Both Whig and Marxist historians have tended to regard the “conservative” revolution of 1688 as an appendage to the revolution of the middle years of the century. Dr. Jones, along with myself, strongly disagrees with this interpretation. I truly have found a respect for the author because his views and opinion on the subject are strong enough to go against strong Whig and Marxist historians views. Dr.
Jones takes the side that in relation to Britains final emergence as a great power and her impact on European and world affairs, the revolution of 1688 must be regarded as the decisive turning point in British seventeenth-century development. The author shows that this process was a gradual one, and I totally agree with him. For example, the author reveals not only the importance of British commercial interests in the Mediterranean even in the early years of Anglo-Dutch rivalry, but also the crucial significance of the period 1667-89 in the determination of Britains role in Continental affairs. I found it evident that the authors account of the Anglo-Dutch and Anglo-French wars in the context of the Counter-Reformation provides a very detailed and diversified treatment, and I feel that it is a very valuable aspect of his work of reinterpretation of the period. Along the lines of reinterpretation, it is my opinion that Dr. Jones did an excellent job of reinterpreting several key points that I picked up on while reading this book: the view of James Is pro-spanish policy, the reassessment of Cromwells achievements in foreign and colonial policy, the relative insignificance at this period of colonial conflicts between Britain and her Continental rivals, until at least the time of Colbert, and the reality of the threats to British commerce represented by the French guerres de course under Louis XIV.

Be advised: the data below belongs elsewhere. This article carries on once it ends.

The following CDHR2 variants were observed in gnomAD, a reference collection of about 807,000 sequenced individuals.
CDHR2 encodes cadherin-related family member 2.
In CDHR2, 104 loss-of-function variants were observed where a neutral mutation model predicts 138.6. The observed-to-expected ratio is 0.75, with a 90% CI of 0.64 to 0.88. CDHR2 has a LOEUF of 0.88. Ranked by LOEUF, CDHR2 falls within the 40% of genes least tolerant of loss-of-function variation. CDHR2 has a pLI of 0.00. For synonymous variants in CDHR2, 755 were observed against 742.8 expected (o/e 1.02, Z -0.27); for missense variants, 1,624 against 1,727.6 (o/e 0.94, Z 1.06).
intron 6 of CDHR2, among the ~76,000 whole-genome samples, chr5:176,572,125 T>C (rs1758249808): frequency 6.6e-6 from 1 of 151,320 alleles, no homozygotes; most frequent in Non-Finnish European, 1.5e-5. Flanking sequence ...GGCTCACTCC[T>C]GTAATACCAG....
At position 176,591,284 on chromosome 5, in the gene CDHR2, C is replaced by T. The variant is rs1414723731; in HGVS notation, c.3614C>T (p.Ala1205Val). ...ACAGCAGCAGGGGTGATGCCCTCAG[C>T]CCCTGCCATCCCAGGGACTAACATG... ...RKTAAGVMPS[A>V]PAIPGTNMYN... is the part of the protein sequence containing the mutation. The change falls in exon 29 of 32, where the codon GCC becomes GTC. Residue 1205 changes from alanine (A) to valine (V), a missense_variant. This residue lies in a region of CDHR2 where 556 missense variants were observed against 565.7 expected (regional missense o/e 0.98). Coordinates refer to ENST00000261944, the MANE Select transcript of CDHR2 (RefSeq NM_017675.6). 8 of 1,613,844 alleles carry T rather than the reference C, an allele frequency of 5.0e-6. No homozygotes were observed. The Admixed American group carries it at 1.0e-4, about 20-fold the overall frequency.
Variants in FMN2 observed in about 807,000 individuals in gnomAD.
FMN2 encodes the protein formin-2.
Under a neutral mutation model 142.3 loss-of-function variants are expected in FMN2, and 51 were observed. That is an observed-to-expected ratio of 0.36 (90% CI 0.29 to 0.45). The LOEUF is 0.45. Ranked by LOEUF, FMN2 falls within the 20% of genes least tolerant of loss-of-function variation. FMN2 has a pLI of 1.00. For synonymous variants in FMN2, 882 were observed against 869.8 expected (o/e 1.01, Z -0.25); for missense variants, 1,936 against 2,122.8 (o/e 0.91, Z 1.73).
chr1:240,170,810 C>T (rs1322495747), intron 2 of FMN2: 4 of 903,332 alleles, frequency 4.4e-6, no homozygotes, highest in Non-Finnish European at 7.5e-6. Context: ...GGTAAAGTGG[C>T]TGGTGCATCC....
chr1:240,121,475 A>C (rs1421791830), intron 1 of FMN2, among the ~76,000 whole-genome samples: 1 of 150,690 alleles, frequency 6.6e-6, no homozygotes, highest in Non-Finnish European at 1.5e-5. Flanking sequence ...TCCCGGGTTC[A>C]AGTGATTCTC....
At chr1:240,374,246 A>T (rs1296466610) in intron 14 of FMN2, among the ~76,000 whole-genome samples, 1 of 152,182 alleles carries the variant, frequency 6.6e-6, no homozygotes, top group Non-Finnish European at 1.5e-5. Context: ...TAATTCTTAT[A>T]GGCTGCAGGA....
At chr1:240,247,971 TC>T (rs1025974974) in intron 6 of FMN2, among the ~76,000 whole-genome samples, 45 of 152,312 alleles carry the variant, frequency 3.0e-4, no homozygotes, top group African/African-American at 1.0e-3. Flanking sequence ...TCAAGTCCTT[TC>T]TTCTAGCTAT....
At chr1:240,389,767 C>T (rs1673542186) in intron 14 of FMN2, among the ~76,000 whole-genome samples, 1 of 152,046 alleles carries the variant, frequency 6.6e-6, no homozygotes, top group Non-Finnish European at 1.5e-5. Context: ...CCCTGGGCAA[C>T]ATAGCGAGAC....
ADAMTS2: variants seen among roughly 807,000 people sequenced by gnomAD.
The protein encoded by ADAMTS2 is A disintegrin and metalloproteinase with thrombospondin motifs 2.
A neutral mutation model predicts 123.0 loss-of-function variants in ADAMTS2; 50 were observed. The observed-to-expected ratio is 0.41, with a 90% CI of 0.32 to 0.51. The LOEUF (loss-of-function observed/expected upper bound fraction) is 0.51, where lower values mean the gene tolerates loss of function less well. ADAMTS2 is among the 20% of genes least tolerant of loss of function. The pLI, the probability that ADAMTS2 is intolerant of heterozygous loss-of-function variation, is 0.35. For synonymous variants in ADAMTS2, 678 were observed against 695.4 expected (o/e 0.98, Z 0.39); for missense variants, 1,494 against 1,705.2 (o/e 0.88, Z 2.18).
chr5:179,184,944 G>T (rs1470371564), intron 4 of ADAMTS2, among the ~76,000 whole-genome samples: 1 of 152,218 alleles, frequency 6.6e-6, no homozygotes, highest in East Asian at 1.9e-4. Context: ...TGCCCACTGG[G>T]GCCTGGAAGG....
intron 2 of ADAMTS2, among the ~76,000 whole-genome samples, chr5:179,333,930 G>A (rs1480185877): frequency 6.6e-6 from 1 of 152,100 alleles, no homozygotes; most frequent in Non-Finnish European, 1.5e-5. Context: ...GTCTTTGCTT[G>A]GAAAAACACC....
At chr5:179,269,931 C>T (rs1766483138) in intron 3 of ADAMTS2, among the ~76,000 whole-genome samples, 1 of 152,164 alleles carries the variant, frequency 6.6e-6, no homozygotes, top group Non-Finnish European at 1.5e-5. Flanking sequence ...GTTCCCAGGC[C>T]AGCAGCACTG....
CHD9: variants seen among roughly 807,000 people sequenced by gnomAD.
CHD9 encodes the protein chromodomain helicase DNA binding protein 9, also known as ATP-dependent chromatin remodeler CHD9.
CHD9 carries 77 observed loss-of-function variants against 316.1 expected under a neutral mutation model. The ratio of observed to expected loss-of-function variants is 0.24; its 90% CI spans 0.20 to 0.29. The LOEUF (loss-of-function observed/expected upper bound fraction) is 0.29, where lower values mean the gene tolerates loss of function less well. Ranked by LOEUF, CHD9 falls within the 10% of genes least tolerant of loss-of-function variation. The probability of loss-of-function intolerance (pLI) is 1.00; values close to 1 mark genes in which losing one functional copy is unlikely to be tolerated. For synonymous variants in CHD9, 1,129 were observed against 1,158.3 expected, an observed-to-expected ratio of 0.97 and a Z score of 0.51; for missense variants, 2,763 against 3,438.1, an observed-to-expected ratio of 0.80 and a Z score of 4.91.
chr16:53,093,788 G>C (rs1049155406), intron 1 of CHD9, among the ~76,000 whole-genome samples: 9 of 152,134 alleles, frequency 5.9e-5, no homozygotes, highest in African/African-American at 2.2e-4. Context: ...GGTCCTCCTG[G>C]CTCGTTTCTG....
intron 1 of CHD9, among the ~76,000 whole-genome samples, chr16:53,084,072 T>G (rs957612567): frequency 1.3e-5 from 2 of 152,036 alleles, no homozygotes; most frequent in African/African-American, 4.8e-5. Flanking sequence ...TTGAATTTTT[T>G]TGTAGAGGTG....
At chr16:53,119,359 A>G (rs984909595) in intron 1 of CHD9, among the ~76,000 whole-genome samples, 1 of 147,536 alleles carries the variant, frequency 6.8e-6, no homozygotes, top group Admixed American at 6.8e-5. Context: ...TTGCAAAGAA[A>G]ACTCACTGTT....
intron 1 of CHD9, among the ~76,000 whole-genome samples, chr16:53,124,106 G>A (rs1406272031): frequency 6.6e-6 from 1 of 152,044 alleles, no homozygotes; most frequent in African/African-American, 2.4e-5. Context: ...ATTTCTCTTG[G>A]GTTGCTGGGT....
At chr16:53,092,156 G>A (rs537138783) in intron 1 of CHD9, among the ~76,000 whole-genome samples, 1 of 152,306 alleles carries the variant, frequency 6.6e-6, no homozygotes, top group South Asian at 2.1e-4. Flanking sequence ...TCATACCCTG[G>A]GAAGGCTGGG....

Also, the deep repercussions on English public opinion of the Revocation of the Edict of Nantes and the profound effects of the Nine Years War upon the British administrative and financial system are reinterpreted points which to me stuck out. Finally, Britain and Europe in the Seventeenth Century is an important addition to the views and studies done on this period. Jones did an excellent job in pointing out and backing his view that the Revolution of 1688 was the decisive turning point that entirely transformed Britains relationship with Europe. The thesis is very convincing, and it is evident that the author is very aware of this. All of the evidence Jones presents supports his thesis.
Overall, I found this book to be informative and the authors view was very a pleasant addition to other views on the same subject.